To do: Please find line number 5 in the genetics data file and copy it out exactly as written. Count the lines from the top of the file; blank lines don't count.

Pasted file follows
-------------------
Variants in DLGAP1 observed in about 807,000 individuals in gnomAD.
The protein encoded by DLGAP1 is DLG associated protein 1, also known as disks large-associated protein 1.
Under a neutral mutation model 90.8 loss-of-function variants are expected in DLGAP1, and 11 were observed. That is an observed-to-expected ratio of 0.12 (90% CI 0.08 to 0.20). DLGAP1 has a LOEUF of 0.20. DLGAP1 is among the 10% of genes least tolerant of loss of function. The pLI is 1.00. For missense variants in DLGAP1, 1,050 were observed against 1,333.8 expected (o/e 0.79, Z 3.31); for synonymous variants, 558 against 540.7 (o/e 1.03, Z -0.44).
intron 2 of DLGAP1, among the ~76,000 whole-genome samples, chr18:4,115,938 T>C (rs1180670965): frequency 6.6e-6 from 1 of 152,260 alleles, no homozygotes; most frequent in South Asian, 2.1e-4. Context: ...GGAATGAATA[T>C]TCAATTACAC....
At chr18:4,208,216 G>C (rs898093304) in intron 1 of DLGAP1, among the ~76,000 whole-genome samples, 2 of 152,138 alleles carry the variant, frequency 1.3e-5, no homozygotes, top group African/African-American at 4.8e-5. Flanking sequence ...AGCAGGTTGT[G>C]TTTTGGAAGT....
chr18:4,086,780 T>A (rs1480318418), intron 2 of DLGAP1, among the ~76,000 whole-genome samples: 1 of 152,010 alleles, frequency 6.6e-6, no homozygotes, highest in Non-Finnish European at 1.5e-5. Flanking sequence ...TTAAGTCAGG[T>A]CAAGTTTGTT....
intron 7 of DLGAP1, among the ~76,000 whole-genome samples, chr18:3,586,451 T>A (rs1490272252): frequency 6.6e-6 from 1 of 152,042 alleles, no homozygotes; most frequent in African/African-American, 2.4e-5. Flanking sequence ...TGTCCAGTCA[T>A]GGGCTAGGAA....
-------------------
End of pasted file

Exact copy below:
At chr18:4,208,216 G>C (rs898093304) in intron 1 of DLGAP1, among the ~76,000 whole-genome samples, 2 of 152,138 alleles carry the variant, frequency 1.3e-5, no homozygotes, top group African/African-American at 4.8e-5. Flanking sequence ...AGCAGGTTGT[G>C]TTTTGGAAGT....